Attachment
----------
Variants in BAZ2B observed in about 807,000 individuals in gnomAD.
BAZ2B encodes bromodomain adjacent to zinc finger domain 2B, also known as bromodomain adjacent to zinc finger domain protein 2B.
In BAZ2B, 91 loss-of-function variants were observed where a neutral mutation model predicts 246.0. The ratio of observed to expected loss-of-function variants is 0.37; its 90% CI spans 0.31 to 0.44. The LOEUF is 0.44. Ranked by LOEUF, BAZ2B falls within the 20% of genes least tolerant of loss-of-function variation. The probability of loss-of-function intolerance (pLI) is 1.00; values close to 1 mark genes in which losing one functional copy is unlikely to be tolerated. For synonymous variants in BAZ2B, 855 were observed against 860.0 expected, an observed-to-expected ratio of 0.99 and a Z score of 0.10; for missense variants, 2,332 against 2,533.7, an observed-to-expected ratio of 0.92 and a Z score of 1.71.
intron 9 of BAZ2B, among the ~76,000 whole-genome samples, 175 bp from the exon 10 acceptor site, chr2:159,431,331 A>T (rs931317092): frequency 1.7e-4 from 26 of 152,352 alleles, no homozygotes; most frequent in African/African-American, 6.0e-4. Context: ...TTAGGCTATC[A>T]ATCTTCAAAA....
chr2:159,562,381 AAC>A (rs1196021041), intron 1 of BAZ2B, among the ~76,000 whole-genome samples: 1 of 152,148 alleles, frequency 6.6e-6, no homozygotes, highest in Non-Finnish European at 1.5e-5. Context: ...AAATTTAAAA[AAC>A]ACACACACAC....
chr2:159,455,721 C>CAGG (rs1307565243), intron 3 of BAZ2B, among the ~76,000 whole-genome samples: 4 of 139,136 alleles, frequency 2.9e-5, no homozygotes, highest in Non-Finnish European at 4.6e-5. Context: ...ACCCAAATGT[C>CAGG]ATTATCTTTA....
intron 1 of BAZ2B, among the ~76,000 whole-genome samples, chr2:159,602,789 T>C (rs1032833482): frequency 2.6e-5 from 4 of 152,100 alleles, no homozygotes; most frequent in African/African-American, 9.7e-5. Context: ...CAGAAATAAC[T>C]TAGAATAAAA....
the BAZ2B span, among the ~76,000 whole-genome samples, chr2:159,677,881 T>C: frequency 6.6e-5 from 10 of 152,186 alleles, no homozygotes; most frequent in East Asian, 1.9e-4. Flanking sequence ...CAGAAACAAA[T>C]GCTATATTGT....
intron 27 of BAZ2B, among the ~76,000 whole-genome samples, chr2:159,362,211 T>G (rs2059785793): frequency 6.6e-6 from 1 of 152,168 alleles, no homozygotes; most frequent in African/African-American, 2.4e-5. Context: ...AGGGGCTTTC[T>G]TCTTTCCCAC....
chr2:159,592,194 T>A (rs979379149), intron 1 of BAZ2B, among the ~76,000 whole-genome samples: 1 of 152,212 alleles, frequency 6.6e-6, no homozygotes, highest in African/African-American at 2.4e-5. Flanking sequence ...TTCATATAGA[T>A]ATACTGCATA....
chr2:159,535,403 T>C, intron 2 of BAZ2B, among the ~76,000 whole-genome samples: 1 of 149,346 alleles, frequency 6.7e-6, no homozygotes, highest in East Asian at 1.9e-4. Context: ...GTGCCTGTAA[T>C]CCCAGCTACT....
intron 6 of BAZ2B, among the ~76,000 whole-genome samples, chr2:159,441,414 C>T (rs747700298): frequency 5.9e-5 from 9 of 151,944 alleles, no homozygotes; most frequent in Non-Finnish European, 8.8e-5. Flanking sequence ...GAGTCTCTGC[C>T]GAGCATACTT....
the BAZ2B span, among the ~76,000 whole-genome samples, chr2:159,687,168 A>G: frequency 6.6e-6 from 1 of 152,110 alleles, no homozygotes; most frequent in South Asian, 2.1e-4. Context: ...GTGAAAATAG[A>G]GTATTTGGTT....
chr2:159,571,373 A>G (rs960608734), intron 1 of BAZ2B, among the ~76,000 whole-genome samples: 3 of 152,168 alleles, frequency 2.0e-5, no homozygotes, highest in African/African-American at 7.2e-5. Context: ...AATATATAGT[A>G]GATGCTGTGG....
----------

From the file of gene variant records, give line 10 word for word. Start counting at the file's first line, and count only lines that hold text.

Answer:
chr2:159,592,194 T>A (rs979379149), intron 1 of BAZ2B, among the ~76,000 whole-genome samples: 1 of 152,212 alleles, frequency 6.6e-6, no homozygotes, highest in African/African-American at 2.4e-5. Flanking sequence ...TTCATATAGA[T>A]ATACTGCATA....